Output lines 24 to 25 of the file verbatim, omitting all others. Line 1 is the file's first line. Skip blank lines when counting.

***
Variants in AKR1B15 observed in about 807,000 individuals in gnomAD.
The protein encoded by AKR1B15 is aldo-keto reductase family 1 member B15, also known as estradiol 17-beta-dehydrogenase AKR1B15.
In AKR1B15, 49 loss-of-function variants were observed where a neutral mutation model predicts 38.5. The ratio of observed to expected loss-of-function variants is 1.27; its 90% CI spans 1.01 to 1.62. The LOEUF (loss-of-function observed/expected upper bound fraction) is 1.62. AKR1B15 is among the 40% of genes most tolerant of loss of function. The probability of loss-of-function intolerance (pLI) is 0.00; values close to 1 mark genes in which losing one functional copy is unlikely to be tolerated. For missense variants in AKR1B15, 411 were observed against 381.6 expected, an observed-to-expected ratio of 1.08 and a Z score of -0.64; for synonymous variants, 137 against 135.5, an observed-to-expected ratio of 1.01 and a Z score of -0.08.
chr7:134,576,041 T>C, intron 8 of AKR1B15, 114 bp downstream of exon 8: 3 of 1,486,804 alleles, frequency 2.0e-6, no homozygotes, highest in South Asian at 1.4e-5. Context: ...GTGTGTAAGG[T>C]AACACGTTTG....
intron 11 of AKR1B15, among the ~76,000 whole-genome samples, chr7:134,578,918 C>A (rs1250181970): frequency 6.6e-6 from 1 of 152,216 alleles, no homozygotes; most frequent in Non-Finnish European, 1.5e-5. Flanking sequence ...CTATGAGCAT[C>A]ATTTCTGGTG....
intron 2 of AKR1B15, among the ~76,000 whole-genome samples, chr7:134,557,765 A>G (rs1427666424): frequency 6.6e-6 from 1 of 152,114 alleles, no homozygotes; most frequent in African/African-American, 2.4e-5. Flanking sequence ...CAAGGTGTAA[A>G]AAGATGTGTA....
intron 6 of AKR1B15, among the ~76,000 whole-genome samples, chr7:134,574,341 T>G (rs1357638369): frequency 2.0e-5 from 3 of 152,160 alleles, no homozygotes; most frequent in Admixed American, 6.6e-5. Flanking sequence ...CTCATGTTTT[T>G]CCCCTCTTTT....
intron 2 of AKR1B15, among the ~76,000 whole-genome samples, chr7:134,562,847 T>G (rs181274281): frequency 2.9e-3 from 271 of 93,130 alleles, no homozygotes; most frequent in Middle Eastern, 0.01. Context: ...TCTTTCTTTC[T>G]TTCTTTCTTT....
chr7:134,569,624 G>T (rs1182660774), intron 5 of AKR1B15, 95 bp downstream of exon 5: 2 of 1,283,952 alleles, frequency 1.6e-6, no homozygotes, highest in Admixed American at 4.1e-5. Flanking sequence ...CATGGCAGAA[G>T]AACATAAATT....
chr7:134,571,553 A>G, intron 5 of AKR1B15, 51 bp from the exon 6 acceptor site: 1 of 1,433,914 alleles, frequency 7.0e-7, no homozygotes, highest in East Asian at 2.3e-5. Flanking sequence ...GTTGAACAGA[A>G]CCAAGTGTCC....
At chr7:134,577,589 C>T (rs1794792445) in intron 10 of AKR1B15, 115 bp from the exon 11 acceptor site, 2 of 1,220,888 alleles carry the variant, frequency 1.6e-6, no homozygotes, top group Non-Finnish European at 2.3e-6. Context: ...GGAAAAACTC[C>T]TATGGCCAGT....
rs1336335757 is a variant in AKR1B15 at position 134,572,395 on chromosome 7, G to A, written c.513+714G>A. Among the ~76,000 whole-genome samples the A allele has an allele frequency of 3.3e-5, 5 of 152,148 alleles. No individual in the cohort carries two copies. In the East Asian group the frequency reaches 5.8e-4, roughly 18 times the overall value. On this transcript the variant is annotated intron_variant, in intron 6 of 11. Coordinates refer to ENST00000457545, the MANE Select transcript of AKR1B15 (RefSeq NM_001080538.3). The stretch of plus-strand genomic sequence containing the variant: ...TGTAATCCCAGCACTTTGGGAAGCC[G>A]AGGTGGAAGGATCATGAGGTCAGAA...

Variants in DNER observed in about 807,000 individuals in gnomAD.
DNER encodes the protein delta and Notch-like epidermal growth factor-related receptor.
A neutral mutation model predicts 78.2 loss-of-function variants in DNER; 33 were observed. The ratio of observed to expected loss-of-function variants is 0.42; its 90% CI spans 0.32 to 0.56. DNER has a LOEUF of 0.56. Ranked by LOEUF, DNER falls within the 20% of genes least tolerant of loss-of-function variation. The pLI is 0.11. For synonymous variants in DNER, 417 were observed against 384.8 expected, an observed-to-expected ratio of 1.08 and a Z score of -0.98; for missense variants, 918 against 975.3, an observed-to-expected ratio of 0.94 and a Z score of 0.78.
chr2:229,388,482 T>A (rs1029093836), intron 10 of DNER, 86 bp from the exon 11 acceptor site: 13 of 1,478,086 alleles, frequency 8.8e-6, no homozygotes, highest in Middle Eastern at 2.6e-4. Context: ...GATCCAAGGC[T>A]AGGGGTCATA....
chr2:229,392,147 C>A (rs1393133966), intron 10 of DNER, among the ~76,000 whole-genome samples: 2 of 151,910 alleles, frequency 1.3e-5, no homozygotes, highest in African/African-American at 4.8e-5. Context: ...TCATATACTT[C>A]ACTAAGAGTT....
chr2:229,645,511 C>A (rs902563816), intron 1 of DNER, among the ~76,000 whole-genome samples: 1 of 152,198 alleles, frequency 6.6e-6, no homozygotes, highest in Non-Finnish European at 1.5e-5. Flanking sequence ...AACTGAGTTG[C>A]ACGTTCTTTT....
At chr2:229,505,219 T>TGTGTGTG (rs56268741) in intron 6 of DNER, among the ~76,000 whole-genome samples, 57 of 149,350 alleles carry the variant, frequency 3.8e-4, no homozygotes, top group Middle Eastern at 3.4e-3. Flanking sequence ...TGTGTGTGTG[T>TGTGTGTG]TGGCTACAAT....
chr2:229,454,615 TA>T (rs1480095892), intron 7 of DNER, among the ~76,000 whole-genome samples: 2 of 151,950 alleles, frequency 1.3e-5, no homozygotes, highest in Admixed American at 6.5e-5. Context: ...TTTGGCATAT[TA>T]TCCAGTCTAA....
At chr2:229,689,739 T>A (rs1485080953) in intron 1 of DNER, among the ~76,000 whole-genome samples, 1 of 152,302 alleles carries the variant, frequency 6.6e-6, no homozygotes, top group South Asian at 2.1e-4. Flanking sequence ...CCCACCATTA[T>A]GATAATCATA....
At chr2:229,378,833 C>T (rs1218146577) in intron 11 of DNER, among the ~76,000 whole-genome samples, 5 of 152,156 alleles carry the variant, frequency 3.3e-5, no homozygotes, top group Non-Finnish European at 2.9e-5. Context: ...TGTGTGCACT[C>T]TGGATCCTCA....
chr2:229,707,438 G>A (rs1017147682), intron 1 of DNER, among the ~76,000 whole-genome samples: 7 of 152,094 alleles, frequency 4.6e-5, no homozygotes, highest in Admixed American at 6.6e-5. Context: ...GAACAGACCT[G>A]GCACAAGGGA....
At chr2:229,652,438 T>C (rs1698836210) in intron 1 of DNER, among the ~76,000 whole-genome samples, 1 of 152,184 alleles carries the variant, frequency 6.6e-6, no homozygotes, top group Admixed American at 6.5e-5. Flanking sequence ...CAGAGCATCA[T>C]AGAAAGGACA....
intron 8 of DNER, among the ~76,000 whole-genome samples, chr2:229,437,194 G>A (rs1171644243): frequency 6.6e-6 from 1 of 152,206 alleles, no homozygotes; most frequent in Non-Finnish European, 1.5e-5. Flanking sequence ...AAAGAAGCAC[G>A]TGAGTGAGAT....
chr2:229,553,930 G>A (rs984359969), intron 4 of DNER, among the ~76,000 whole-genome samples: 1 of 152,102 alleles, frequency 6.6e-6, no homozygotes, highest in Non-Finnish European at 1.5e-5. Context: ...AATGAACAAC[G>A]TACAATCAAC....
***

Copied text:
At chr2:229,652,438 T>C (rs1698836210) in intron 1 of DNER, among the ~76,000 whole-genome samples, 1 of 152,184 alleles carries the variant, frequency 6.6e-6, no homozygotes, top group Admixed American at 6.5e-5. Flanking sequence ...CAGAGCATCA[T>C]AGAAAGGACA....
intron 8 of DNER, among the ~76,000 whole-genome samples, chr2:229,437,194 G>A (rs1171644243): frequency 6.6e-6 from 1 of 152,206 alleles, no homozygotes; most frequent in Non-Finnish European, 1.5e-5. Flanking sequence ...AAAGAAGCAC[G>A]TGAGTGAGAT....